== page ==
How Much is That Doggie in the Window?
It’s not just the purchase price of a pet that costs money; it’s the feeding, grooming, vet bills, and boarding that can really add up to a lot.

In an effort to teach children about managing money, Texas CPAs provide parents with a pet ownership worksheet to help your family budget the expenses associated with getting and keeping man’s best friend (or a furry feline).

Texas CPAs suggest incorporating the following money lessons in the purchase and care of a family pet:

Do you give your children an allowance for performing chores? If so, add feeding and watering the pet to the task list.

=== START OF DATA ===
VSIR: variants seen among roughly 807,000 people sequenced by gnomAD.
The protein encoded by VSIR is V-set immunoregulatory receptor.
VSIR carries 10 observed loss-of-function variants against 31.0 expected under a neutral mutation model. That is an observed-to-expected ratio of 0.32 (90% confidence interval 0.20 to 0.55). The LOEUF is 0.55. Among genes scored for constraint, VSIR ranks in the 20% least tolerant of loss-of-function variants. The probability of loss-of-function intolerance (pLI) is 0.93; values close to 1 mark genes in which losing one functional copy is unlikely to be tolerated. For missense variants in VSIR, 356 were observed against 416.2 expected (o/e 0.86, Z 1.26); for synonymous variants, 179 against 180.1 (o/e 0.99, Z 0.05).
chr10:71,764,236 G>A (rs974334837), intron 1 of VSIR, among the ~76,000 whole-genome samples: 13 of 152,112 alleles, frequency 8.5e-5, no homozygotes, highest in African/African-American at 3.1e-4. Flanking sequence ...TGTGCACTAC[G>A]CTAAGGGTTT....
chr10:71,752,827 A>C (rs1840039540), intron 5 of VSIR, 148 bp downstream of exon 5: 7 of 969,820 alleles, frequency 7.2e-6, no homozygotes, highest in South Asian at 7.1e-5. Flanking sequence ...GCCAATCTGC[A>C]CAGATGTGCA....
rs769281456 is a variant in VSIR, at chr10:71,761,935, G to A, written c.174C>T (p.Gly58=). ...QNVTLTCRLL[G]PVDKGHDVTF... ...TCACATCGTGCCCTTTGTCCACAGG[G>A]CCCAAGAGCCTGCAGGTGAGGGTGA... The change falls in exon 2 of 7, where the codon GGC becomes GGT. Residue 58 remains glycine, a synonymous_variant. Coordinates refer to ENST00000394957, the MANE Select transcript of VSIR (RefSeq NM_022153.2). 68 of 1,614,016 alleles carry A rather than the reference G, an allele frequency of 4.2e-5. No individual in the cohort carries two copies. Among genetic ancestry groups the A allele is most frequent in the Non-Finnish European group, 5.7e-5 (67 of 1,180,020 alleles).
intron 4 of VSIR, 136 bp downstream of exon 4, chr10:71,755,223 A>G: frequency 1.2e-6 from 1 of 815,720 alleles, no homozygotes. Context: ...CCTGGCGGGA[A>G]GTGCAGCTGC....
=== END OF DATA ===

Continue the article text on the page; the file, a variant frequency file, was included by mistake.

Show your children how to budget expenses by using the pet ownership worksheet. The various expense categories can help children learn where the money goes.

Needs Versus Wants
Sure a gemstone-encrusted collar is nice, but a canvas one does the job just fine too. Making financial decisions about pet toys and accessories can illustrate the difference between true needs (food) and wants (a glow-in-the-dark Frisbee).

Emergency Savings
It’s important to have money set aside to pay for unexpected veterinary expenses like X-rays for the dog who swallowed large staples (true story) or the cat who got in a scuffle with a porcupine (could be a true story).

No matter how much pets cost, their place in the family can be priceless. Pets can teach children to be responsible caregivers and serve as confidants, protectors and pals.

For more information on teaching your children about money, visit the Childhood section of